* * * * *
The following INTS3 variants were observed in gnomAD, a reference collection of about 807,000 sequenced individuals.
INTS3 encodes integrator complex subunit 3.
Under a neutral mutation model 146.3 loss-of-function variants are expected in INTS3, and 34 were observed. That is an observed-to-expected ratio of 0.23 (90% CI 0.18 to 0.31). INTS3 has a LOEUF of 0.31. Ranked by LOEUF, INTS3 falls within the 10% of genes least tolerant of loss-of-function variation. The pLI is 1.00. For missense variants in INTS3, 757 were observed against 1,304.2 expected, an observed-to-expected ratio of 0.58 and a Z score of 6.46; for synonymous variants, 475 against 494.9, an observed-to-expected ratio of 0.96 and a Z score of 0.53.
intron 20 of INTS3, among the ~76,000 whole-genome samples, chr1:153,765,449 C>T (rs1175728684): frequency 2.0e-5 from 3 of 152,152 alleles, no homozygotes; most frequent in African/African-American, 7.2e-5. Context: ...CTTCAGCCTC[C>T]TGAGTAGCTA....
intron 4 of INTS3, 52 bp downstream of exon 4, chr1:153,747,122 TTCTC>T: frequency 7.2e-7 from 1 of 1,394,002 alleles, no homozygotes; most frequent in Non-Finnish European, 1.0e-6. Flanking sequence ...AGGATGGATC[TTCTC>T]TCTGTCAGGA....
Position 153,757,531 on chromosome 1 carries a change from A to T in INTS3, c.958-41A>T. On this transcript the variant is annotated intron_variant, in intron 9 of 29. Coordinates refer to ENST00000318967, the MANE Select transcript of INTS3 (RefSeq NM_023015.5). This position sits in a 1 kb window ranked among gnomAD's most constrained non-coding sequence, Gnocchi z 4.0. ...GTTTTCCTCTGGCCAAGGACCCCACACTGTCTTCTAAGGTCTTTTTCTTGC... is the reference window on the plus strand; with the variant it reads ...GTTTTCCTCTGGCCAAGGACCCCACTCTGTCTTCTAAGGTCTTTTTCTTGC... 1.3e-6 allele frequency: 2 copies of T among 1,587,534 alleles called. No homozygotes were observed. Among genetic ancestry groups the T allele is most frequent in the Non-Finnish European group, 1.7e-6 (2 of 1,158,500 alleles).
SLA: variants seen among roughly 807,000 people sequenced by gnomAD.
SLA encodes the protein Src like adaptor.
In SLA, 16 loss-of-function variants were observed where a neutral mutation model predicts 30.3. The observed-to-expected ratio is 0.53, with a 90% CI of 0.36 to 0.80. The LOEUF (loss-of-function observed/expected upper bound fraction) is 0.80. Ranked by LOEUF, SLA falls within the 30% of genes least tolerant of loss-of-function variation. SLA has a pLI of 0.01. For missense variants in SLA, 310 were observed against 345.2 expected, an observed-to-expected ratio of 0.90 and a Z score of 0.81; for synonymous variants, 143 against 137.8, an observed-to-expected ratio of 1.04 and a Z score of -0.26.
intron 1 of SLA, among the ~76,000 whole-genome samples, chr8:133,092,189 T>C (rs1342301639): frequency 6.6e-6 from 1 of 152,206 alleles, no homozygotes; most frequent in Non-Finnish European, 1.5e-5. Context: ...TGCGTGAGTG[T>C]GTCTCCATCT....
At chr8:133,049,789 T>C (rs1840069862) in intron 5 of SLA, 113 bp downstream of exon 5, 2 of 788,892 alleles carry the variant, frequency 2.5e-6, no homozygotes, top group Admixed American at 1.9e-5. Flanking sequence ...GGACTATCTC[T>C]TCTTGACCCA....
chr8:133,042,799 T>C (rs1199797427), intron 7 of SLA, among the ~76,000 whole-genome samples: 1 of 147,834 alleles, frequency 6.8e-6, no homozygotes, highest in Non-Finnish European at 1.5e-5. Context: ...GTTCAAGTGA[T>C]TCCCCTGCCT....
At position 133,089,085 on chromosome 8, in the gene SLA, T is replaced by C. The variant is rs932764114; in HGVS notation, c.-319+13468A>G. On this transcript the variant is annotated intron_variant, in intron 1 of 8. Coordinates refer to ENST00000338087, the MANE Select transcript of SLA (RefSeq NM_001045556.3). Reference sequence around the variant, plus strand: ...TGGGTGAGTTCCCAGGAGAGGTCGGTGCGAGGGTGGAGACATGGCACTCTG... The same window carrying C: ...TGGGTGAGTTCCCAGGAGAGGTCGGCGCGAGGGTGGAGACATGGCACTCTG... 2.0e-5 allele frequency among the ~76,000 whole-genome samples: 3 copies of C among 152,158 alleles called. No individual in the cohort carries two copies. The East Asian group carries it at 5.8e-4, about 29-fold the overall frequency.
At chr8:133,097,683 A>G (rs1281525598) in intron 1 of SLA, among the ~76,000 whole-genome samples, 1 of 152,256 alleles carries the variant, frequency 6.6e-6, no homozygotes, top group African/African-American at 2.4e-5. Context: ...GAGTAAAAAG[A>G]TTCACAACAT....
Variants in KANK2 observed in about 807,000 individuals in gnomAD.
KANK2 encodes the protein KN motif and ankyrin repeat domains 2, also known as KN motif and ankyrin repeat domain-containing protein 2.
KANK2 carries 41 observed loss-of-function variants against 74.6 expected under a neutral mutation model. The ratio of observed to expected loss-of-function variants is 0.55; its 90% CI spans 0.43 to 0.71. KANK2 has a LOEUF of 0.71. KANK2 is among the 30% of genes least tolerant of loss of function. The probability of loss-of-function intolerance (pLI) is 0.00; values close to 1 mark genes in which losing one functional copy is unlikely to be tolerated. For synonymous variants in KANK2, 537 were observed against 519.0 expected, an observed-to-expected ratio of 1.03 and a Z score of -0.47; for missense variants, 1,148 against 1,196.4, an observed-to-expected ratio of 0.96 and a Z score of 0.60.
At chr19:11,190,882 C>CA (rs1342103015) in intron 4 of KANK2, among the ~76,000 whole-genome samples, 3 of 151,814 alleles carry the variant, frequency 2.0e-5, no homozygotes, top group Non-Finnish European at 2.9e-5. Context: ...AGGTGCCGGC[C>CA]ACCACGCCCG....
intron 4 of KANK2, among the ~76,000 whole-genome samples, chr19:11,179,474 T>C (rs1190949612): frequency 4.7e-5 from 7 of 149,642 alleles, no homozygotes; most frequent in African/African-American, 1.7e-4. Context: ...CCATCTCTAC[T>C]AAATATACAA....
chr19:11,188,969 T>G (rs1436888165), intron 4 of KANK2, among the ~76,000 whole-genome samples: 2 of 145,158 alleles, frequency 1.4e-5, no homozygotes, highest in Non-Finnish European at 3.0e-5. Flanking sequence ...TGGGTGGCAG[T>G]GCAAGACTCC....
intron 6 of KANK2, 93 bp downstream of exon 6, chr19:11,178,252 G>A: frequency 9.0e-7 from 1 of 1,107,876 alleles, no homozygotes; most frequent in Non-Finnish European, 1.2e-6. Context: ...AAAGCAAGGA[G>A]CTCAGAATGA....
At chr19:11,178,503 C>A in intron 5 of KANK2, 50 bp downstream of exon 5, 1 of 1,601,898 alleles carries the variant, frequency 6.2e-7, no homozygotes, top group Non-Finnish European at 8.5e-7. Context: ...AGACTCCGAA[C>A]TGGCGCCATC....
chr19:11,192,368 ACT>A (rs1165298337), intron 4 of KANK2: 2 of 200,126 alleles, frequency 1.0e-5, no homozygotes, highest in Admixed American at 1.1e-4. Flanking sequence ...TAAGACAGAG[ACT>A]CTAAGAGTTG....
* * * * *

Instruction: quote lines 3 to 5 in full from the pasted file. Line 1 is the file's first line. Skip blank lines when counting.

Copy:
Under a neutral mutation model 146.3 loss-of-function variants are expected in INTS3, and 34 were observed. That is an observed-to-expected ratio of 0.23 (90% CI 0.18 to 0.31). INTS3 has a LOEUF of 0.31. Ranked by LOEUF, INTS3 falls within the 10% of genes least tolerant of loss-of-function variation. The pLI is 1.00. For missense variants in INTS3, 757 were observed against 1,304.2 expected, an observed-to-expected ratio of 0.58 and a Z score of 6.46; for synonymous variants, 475 against 494.9, an observed-to-expected ratio of 0.96 and a Z score of 0.53.
intron 20 of INTS3, among the ~76,000 whole-genome samples, chr1:153,765,449 C>T (rs1175728684): frequency 2.0e-5 from 3 of 152,152 alleles, no homozygotes; most frequent in African/African-American, 7.2e-5. Context: ...CTTCAGCCTC[C>T]TGAGTAGCTA....
intron 4 of INTS3, 52 bp downstream of exon 4, chr1:153,747,122 TTCTC>T: frequency 7.2e-7 from 1 of 1,394,002 alleles, no homozygotes; most frequent in Non-Finnish European, 1.0e-6. Flanking sequence ...AGGATGGATC[TTCTC>T]TCTGTCAGGA....